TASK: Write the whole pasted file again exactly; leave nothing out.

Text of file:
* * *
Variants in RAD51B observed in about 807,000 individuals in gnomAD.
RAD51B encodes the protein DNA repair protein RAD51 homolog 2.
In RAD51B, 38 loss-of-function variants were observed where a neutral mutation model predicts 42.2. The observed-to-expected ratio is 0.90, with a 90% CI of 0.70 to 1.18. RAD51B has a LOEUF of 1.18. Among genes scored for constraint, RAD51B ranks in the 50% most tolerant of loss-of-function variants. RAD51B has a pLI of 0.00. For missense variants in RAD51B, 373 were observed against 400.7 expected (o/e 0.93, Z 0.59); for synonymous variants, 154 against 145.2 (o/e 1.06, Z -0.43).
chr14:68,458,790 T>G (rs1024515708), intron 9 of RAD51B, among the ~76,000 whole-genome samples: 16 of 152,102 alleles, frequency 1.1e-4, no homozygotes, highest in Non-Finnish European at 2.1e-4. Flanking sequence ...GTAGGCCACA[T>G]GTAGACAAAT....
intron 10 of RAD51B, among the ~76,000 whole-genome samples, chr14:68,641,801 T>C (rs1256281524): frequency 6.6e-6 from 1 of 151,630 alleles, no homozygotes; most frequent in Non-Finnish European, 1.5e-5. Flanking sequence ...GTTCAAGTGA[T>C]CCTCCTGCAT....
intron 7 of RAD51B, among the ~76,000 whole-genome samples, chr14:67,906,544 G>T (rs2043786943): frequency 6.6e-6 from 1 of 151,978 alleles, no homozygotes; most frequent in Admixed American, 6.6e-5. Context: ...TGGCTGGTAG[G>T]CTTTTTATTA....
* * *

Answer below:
Variants in RAD51B observed in about 807,000 individuals in gnomAD.
RAD51B encodes the protein DNA repair protein RAD51 homolog 2.
In RAD51B, 38 loss-of-function variants were observed where a neutral mutation model predicts 42.2. The observed-to-expected ratio is 0.90, with a 90% CI of 0.70 to 1.18. RAD51B has a LOEUF of 1.18. Among genes scored for constraint, RAD51B ranks in the 50% most tolerant of loss-of-function variants. RAD51B has a pLI of 0.00. For missense variants in RAD51B, 373 were observed against 400.7 expected (o/e 0.93, Z 0.59); for synonymous variants, 154 against 145.2 (o/e 1.06, Z -0.43).
chr14:68,458,790 T>G (rs1024515708), intron 9 of RAD51B, among the ~76,000 whole-genome samples: 16 of 152,102 alleles, frequency 1.1e-4, no homozygotes, highest in Non-Finnish European at 2.1e-4. Flanking sequence ...GTAGGCCACA[T>G]GTAGACAAAT....
intron 10 of RAD51B, among the ~76,000 whole-genome samples, chr14:68,641,801 T>C (rs1256281524): frequency 6.6e-6 from 1 of 151,630 alleles, no homozygotes; most frequent in Non-Finnish European, 1.5e-5. Flanking sequence ...GTTCAAGTGA[T>C]CCTCCTGCAT....
intron 7 of RAD51B, among the ~76,000 whole-genome samples, chr14:67,906,544 G>T (rs2043786943): frequency 6.6e-6 from 1 of 151,978 alleles, no homozygotes; most frequent in Admixed American, 6.6e-5. Context: ...TGGCTGGTAG[G>T]CTTTTTATTA....